Allen S. Maller

Pomegranates, Sukkot’s Etrogim, and religious pluralism

What kind of tree was the tree of the knowledge of good and evil? Rabbi Abba said it was an etrog tree. An etrog, used at Sukkot, the fall harvest thanksgiving festival, is called a goodly tree, and it is good to be grateful to God for our harvest. (Leviticus 23:39-42) Also, the rabbis claim that the etrog tree itself tastes like its fruit; so religious people and their religious community should be good both in private and in public, in word and in deed, inside and outside.

Most Americans think that the tree of the knowledge of good and evil was an apple tree. They have no idea at all, why the fruit of the tree of the knowledge of good and evil should be an apple, or what that interpretation of the Torah text is supposed to mean.

Jewish sages found four plants that could represent the meaning of the Torah’s metaphor of a tree whose fruit can make humans “like God, knowing good and evil.” (Genesis 3:5) Rabbi Abba simply said it was an etrog tree.

Rabbi Yose said it was a fig tree for as soon as they ate from it their eyes were open and they covered themselves with fig leaves. (3:7) Modesty is one of the unique concepts found in all human societies. Also, an assortment of 11,400-year-old figs found in Israel may be the fruit of the world’s earliest form of arboriculture which preceded agriculture by several thousand years.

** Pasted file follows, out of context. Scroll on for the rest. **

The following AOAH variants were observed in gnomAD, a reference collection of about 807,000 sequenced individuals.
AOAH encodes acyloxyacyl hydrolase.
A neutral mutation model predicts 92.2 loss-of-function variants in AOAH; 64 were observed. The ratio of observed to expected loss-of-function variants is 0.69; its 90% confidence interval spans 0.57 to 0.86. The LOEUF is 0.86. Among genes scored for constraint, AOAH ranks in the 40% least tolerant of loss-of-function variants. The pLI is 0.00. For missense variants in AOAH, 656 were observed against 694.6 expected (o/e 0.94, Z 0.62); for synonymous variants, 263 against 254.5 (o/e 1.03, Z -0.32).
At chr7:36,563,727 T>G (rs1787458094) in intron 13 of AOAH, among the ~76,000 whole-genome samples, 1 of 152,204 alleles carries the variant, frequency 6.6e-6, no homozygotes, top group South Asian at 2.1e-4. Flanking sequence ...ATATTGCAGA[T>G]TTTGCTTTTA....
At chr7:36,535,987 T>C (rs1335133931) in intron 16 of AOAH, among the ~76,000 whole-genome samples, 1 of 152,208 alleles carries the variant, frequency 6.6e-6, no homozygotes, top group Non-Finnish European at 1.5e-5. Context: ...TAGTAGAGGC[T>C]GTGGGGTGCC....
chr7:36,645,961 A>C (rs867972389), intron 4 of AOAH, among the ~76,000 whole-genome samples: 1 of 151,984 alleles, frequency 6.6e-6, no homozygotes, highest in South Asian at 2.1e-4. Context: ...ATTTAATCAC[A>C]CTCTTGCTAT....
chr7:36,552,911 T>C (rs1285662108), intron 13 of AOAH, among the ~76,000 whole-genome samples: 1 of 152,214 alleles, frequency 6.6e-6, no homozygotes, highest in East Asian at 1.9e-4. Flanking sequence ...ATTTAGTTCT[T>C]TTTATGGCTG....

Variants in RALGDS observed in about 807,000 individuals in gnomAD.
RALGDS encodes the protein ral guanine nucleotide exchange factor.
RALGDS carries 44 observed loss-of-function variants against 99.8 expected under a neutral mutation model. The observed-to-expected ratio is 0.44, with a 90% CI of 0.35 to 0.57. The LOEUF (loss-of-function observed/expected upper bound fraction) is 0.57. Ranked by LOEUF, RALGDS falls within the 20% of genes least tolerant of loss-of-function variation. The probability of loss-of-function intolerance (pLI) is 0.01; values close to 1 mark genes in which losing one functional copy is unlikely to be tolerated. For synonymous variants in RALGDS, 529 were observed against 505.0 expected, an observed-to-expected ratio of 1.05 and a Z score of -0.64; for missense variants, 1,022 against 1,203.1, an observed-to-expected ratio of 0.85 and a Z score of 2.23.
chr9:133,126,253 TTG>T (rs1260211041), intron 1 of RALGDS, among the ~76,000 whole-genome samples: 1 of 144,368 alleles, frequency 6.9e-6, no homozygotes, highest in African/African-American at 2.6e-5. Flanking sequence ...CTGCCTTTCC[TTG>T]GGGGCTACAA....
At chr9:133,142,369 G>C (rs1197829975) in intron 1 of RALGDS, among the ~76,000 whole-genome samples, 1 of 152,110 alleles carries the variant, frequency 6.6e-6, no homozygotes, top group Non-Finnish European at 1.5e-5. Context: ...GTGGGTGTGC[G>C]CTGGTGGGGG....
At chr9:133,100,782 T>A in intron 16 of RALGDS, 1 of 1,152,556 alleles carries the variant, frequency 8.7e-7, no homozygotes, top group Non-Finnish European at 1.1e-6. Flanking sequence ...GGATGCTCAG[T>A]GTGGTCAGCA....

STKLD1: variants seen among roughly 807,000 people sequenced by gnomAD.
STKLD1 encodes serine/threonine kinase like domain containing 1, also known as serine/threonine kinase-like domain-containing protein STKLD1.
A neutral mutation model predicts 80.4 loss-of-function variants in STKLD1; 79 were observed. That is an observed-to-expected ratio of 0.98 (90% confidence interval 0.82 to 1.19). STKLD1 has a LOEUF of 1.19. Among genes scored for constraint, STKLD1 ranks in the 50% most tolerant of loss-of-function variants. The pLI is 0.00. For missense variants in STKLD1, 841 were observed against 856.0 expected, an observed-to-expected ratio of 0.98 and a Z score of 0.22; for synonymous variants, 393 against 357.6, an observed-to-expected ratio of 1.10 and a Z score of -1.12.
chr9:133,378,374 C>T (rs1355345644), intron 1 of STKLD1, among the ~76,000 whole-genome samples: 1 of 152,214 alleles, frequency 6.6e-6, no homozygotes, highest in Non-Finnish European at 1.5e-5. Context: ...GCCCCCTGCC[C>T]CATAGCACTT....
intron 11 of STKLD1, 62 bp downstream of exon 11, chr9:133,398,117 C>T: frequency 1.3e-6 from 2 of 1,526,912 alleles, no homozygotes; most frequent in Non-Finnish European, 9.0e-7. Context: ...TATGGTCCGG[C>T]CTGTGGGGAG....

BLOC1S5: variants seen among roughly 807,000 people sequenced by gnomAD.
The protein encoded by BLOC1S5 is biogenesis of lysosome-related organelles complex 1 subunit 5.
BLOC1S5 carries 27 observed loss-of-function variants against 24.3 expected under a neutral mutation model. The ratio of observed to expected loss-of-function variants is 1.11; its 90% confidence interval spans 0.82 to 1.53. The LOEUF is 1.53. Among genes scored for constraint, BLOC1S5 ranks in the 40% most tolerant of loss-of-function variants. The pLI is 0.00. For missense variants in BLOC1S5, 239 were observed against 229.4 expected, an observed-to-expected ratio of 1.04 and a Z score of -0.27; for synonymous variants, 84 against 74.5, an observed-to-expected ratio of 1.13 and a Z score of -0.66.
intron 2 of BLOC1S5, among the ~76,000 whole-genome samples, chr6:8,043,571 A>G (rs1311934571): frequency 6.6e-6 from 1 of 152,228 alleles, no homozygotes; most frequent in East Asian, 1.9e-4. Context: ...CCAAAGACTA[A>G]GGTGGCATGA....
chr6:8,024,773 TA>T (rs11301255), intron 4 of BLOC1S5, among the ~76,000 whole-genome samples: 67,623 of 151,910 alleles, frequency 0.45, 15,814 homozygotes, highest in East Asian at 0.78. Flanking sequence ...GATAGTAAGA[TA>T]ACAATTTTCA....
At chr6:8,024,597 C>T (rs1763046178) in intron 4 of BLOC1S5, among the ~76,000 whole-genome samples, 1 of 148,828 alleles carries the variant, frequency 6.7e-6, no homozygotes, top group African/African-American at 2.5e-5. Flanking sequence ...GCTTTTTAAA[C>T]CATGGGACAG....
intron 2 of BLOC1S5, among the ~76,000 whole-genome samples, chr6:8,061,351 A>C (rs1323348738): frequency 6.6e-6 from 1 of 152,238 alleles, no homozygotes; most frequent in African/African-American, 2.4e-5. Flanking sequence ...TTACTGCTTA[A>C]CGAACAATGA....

These two explanations; that the fig is literally mentioned in the Garden of Eden account of the origins of human morality; and that the fig is one of the first, if not the first domesticated plant, has the most textual and historical support.

But there is also a lesson here that can be easily applied. There are over 500 species of fig tree (Ficus) and each species of fig tree is mutually dependent on a specific species of tiny wasp which lays its eggs in their figs to fertilize them. Thus we learn that mutual co-operation is good.

Rabbi Judah bar Ilai said Eve and Adam ate from a grapevine, that looks like a small tree and can produce grapes for 50-70 years. Wine (alcohol) is a obvious symbol of good and evil because wine can be used to sanctify the Sabbath or can make one an alcoholic.

This is a good lesson since we all need to always be aware that humans can make good things bad by excessive expansive use or restriction. “Be not overly righteous, and do not make yourself too wise. Why should you destroy yourself?” (Ecclesiastes 7:16)

Rabbi Meir said the tree of the knowledge of good and evil was a wheat stalk; i.e. wheat was the first crop to be domesticated on a large scale, and thus represents the beginning of farming; and then private property village civilization. Settled life is a great test of social morality because nomads can always split apart if they can’t live together; but settled people must develop an ongoing moral legal system and abide by it.

And in recent generations some Haredim have started thinking the tree of the knowledge of good and evil was a Pomegranate tree because pomegranates were one of the fruits that the scouts brought to Moses to show that the “promised land” was fertile. Exodus describes the robe of the ephod worn by the High Priest as having pomegranates embroidered on the hem. According to the Book of Kings the capitals of the two pillars (Jachin and Boaz) that stood in front of Solomon’s Temple were engraved with pomegranates.

It is traditional to eat pomegranates on Rosh Hashana because the pomegranate, with its numerous seeds, symbolized fruitfulness. A pomegranate appears on some ancient coins of Judea. Pomegranates are one of the Seven Species (Hebrew: שבעת המינים, Shiv’at Ha-Minim) of fruits and grains enumerated in Deuteronomy 8:8 as being special products of the Land of Israel.